Beatitudes Campus Partners with Horizon House, United Church Homes to Bring Comfort to Persons with Dementia
“What is the most rewarding is when you get someone comfortable and they tell you that they love you.”
These words, from a staff member at United Church of Christ-related Trinity Community — a United Church Homes senior living community in Beavercreek, Ohio — were expressed during a recent accreditation survey at the community as it became certified in the Comfort Matters program.
Comfort Matters was developed by the UCC’s Beatitudes Campus, a CHHSM member in Phoenix, in 2005. The program focuses on comfort to improve the quality of care and quality of life for persons with dementia by following five ideas: comfort care, anticipating residents’ needs, knowing the person, person-directed care, and staff empowerment.
“Comfort Matters not only helps staff learn and apply evidence-based practice, but it also helps organizations adapt their systems and routines to support comfort for persons with dementia,” says Tena Alonzo, director of education and research at Beatitudes. “Both steps are essential if we want to enhance quality of care and quality of life for persons with dementia.”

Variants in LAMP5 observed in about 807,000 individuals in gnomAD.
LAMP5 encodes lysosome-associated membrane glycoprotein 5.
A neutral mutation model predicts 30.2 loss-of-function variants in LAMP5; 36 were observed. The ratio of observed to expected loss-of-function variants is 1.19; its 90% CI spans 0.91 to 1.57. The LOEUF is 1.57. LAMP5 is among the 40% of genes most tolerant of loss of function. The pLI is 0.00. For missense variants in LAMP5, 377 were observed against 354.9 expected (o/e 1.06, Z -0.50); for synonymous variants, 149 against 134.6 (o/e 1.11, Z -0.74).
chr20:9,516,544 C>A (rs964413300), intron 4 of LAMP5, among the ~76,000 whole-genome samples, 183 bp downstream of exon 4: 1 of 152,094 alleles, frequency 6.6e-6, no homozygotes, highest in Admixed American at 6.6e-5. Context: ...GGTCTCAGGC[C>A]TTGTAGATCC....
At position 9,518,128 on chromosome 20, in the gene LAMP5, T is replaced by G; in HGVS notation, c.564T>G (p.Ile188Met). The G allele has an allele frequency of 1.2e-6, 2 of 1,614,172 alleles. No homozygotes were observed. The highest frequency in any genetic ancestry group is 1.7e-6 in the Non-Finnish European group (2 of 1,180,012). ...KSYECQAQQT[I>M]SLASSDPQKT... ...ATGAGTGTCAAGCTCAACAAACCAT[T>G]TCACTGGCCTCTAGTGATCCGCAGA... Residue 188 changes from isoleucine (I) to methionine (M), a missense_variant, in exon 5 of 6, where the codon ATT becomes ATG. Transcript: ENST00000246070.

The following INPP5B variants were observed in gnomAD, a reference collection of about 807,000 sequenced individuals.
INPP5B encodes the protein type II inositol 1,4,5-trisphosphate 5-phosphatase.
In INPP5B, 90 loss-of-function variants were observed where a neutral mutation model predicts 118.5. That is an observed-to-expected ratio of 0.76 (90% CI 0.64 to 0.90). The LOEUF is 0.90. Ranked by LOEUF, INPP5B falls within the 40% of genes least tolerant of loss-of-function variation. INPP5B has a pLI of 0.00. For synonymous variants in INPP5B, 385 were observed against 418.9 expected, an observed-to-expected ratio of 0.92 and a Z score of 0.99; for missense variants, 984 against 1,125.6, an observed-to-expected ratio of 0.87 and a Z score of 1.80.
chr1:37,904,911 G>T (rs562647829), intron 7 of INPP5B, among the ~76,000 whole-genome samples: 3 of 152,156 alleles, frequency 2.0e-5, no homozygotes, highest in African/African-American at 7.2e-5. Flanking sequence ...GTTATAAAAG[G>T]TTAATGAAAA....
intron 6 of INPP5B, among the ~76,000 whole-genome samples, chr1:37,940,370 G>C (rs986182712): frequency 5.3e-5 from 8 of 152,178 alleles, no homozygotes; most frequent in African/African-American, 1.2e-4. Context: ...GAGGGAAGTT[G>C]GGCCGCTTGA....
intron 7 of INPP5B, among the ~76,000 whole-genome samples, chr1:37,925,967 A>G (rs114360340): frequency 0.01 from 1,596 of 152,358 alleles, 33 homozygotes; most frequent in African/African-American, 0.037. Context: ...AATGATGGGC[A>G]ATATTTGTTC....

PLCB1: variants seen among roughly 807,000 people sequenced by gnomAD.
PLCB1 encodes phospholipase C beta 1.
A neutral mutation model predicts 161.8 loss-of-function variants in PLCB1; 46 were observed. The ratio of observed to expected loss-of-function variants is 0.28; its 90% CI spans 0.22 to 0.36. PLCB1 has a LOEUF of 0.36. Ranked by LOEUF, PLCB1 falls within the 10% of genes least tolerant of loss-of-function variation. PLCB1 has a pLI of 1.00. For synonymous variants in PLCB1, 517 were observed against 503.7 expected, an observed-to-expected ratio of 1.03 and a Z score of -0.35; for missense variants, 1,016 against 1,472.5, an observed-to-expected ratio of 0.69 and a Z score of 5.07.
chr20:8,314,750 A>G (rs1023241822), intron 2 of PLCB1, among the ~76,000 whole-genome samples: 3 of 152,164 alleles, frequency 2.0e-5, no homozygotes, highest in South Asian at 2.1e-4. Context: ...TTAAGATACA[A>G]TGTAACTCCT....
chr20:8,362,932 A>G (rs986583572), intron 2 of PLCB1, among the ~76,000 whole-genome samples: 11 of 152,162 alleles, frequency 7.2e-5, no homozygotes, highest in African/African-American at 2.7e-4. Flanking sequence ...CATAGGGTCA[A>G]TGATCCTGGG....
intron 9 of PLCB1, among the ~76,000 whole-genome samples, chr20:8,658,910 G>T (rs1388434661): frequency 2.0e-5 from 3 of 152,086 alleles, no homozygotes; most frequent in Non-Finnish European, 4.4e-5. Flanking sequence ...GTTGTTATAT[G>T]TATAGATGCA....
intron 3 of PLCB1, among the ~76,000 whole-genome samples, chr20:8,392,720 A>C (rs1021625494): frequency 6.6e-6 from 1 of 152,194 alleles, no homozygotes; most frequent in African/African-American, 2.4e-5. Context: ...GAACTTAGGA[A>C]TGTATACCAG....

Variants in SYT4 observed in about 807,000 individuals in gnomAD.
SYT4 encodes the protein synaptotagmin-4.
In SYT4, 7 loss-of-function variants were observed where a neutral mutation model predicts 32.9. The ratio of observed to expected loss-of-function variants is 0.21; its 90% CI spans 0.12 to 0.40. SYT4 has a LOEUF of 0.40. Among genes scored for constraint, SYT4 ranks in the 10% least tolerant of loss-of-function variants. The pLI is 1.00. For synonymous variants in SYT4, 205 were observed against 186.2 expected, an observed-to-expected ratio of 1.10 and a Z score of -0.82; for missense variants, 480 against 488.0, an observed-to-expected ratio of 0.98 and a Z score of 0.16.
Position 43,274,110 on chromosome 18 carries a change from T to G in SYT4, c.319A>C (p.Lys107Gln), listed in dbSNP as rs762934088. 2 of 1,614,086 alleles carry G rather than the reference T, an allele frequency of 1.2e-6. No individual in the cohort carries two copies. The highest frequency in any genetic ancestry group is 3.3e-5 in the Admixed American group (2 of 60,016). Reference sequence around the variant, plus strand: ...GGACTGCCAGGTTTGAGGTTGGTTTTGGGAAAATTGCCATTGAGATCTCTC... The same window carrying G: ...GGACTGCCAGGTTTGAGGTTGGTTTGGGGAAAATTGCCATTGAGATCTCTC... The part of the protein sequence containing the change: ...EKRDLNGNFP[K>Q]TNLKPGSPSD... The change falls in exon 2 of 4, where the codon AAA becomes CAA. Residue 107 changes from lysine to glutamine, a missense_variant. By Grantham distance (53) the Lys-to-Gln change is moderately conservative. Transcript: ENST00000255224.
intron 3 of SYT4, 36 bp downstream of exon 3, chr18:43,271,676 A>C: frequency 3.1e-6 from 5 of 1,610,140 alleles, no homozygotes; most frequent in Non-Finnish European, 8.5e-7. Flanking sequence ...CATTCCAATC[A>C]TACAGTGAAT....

To date, the program has garnered praise both nationally and internationally. Within the UCC’s Council for Health and Human Service Ministries, the program has been adopted by Horizon House in Seattle and the United Church Homes family of communities. It is just one more way CHHSM members are living out the “love your neighbor” portion of the United Church of Christ’s 3 Great Loves initiative.
“Our plan is to implement the Comfort Matters program at all of our senior living communities,” says Amy Kotterman, director of hospitality services for United Church Homes. United Church Homes is the most recent CHHSM ministry to implement Comfort Matters. Along with Trinity, Chapel Hill Community in Canal Fulton, Ohio, has received accreditation. The other United Church Homes communities are all in the process of receiving training, which will be complete in 2019.